I ordered Oathmark as soon as I heard it was out, and it arrived yesterday. I've had a look and started playing a test game with myself this morning to get the hang of the rules. Not sure I need to get the hang of it, really, as I won't be playing it with anyone for a while, yet.
I thought this might be a decent addition to my rules, as I don't really have an old school WFB type game even though I have several suitable armies. I was a bit disappointed to find that the game only covers elves, dwarfs, humans and orc/goblins. These are all very similar types of army, in the wider scheme of fantasy gaming especially as they are all given many similar types of unit. I was surprised not to find the undead represented. I also thought it might accommodate building your own forces so I could make customised fantasy armies, but you only get to play with the ones you're given.
I imagine the publishers are only interested in supporting their own figures, as they have a growing range of decent Oathmark plastic regiments, which is fair enough, but seems a bit of a narrow path to tread. I much prefer the angle taken by Saga AoM which seemed to go out of its way to accommodate as many different types of army as it could.
The main (only!) mechanic in the game is to roll a number (up to 5) of D10 and try to get at least one (or in some cases as many as you can) equal to or over a target number. Activation usually involves rolling 2 dice and trying to get the activation number, so an elf might typically try to get a 3, while a goblin might need a 6. If you fail the activation roll you still get to make 1 of a limited number of activations, if you suceed you get to do 2 of whatever you like.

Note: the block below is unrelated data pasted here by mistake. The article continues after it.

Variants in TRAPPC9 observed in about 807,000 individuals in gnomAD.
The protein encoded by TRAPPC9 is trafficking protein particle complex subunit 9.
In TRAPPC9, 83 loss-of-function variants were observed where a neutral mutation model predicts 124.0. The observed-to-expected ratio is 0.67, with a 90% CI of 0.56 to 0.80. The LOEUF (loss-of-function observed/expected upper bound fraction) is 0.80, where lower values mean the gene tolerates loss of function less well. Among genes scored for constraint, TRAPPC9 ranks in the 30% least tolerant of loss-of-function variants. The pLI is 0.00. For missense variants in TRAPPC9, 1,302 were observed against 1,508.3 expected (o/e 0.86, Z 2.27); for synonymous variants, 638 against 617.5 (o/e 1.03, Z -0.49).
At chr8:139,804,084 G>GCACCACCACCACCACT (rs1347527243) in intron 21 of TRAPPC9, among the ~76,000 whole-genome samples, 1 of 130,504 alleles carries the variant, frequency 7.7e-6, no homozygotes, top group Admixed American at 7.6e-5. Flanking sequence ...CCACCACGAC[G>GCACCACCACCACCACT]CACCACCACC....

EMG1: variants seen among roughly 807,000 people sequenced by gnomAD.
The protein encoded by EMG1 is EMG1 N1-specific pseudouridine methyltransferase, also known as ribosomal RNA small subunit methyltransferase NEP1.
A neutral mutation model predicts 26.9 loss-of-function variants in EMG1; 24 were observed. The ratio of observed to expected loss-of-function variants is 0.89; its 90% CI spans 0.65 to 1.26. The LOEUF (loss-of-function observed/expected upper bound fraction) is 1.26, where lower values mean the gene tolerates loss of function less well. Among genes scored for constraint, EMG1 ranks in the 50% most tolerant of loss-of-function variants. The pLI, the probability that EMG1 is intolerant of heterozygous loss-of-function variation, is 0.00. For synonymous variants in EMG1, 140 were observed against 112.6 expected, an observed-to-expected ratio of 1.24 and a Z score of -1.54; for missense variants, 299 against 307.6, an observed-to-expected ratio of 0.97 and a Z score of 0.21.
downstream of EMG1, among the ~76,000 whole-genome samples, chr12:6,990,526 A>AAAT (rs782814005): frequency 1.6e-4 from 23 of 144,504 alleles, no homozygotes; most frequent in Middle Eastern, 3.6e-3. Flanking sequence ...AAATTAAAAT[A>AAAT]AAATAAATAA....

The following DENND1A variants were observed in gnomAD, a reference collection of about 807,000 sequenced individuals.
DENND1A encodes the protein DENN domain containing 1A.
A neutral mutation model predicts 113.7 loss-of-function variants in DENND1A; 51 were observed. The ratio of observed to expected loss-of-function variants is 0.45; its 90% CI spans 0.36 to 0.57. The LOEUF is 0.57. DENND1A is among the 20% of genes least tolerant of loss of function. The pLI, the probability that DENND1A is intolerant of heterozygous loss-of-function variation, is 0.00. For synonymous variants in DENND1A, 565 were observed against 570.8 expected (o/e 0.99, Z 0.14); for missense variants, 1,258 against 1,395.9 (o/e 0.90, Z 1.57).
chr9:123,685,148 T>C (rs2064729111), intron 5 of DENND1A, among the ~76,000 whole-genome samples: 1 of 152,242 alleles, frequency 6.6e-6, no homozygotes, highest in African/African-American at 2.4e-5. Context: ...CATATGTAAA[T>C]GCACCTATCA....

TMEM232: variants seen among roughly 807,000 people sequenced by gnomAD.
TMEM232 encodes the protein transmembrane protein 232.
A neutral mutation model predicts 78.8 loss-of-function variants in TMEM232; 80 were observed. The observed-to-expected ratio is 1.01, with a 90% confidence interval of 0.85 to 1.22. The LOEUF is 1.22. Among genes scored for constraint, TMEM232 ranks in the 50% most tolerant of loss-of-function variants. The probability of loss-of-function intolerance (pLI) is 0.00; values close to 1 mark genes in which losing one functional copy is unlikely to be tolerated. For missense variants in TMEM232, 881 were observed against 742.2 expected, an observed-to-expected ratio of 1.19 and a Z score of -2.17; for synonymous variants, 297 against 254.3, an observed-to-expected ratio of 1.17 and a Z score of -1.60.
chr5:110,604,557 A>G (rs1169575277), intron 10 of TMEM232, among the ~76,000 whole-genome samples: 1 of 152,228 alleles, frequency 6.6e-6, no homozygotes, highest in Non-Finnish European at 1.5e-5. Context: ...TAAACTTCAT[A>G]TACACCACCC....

You take it in turns to activate your units, so the order you do this is a key tactical element of the game. This is enhanced by the presence of commanders, so if you activate a commander's unit, it might be able to activate one or two more units to also have a go before your opponent can react.
Unit's stat lines have the feel of the old GW ones, with a line of about 9 stats with a list of special abilities and equipment. Sometimes you can fiddle with these, for example, when giving a character a horse or wolf to ride, but they don't really come with any options, except the size of the unit you want to make with them.
So, if I wanted my Goblin archers to shoot some Human spearmen, I might look at my Shoot stat (1) and deduct it from the Spearmen's Defence stat (9) to leave me needing 8s. My archers are in a unit of 15 which gives me +2 for ranks, so I would actually need 6s. I roll 5 dice coz I have a unit frontage of 5 * 1 Combat Dice figures, and any that get 6 or above cause a hit, which will result in the death of a spearman. Actually, I'd only roll 4 dice, coz I think the spearmen have 1 level of Shielding.
I was gonna play the whole battle out and make some sort of review and battle report, but I was just left unenthused by the game, and so I won't bother. I feel like there's such a lack of the fantastical in the game it feels like an historical game that has been given magic and dragons. The fantasy feels very generic, which could of course be appropriate for a generic game, but as this is dedicated to a figure range, I feel like they could have given us some interesting setting. If they want us to make the setting and story up ourselves (which can be, of course, a good thing) then I feel like they should have let us make up our own units up as well.
Sometimes, the scant setting details we are given do not match the stats. For example, we are told that Goblin Wolf Rider Scouts move quickly even through difficult terrain and are generally stealthy. Under the rules, however, they are the same speed as Human Heavy Cavalry, they have no special rules for moving in difficult terrain, and they have no special rules for being stealthy.